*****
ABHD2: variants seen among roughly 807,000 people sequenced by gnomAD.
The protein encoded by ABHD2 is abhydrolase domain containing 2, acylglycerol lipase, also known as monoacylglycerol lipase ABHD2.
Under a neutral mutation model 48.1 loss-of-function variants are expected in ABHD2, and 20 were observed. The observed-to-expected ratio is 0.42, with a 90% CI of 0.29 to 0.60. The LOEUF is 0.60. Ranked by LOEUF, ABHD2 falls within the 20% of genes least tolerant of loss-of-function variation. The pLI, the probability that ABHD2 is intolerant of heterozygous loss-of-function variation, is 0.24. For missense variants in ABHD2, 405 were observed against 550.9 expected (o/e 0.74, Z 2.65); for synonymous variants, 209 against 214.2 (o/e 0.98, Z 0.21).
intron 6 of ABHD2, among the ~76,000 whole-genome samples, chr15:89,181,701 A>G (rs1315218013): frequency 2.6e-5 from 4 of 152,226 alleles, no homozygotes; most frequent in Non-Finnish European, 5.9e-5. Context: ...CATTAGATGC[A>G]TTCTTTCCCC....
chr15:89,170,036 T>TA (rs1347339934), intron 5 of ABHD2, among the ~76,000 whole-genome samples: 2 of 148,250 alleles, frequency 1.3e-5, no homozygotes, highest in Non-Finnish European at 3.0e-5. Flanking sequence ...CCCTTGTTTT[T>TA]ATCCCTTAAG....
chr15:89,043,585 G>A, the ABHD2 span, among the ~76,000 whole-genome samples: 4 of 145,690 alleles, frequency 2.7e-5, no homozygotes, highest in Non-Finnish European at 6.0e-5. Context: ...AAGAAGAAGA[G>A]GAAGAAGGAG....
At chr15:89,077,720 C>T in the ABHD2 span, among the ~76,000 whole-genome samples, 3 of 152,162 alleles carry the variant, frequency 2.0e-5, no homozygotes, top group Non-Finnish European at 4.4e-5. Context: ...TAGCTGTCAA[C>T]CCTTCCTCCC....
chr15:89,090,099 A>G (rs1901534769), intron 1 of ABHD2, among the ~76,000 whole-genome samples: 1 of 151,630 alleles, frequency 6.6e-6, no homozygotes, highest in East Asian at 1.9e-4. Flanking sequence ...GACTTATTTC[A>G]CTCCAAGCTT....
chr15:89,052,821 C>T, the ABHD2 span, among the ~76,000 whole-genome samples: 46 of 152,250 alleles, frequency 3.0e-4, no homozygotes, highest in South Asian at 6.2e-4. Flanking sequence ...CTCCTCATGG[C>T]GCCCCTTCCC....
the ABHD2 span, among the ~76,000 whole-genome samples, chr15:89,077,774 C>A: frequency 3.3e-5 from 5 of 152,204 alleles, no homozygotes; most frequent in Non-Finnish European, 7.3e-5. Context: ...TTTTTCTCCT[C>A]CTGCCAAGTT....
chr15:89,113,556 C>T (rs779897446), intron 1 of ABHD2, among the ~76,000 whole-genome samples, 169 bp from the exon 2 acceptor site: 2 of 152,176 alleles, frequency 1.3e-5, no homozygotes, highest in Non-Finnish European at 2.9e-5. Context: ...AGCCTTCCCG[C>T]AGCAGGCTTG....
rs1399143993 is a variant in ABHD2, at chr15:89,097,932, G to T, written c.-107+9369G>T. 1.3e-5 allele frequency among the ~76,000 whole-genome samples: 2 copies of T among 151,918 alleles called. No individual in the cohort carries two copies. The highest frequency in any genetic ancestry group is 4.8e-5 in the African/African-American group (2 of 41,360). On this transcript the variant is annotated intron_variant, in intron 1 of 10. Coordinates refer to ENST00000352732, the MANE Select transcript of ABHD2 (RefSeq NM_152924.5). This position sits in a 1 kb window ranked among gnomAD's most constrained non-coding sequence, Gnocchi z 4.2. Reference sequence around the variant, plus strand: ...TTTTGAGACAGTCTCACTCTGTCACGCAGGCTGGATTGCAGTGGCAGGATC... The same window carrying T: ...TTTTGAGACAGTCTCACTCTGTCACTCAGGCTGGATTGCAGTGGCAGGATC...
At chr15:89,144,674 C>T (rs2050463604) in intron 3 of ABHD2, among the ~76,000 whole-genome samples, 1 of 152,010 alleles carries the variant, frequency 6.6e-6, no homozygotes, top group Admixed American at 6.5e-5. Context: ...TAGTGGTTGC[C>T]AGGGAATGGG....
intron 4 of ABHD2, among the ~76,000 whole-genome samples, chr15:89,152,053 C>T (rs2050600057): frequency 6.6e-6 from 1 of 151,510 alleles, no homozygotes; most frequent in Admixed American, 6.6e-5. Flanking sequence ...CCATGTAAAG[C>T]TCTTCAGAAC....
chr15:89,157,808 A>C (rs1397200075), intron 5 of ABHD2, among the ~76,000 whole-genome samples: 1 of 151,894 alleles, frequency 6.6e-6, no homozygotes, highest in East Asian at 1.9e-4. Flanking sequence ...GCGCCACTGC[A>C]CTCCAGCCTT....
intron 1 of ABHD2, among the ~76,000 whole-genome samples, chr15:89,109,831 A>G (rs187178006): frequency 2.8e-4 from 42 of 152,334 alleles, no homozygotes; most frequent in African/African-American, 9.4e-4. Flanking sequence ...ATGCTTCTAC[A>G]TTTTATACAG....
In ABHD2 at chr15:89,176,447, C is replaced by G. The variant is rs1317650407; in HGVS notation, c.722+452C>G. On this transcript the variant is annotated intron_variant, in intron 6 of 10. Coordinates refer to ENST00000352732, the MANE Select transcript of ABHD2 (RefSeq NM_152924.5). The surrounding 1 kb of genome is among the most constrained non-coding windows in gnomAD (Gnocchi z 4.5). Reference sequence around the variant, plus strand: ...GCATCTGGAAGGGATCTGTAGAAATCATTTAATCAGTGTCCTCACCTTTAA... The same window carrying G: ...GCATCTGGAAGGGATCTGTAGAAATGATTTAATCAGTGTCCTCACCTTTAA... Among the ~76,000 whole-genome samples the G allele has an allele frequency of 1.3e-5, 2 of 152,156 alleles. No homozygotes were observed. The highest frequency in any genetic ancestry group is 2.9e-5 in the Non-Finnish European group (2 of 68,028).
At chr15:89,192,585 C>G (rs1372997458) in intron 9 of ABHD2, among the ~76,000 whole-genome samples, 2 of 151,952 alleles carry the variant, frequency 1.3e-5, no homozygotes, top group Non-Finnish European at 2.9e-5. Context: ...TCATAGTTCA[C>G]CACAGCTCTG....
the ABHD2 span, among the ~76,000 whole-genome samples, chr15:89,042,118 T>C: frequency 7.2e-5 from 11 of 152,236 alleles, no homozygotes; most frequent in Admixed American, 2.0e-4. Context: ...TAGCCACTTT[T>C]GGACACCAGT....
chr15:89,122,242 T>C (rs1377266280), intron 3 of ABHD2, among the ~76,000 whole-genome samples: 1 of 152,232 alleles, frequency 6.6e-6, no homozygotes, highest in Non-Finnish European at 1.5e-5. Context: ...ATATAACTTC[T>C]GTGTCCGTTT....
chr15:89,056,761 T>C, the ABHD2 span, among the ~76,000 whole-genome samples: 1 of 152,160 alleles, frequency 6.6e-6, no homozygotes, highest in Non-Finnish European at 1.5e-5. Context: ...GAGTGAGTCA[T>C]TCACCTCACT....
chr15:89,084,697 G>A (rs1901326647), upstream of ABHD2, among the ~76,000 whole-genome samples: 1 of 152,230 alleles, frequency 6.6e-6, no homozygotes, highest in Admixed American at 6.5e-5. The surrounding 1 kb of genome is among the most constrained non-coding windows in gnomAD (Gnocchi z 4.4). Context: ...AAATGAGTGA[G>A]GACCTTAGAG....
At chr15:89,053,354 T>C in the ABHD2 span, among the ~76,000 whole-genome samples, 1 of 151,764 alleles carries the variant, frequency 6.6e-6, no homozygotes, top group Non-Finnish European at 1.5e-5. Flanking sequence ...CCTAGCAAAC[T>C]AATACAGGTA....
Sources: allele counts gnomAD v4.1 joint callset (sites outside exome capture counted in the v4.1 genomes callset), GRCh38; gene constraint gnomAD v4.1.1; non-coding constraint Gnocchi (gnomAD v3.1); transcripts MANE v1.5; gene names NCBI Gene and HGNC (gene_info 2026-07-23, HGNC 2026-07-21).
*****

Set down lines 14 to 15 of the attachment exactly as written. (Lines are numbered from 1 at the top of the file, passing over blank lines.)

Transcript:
intron 4 of ABHD2, among the ~76,000 whole-genome samples, chr15:89,152,053 C>T (rs2050600057): frequency 6.6e-6 from 1 of 151,510 alleles, no homozygotes; most frequent in Admixed American, 6.6e-5. Flanking sequence ...CCATGTAAAG[C>T]TCTTCAGAAC....
chr15:89,157,808 A>C (rs1397200075), intron 5 of ABHD2, among the ~76,000 whole-genome samples: 1 of 151,894 alleles, frequency 6.6e-6, no homozygotes, highest in East Asian at 1.9e-4. Flanking sequence ...GCGCCACTGC[A>C]CTCCAGCCTT....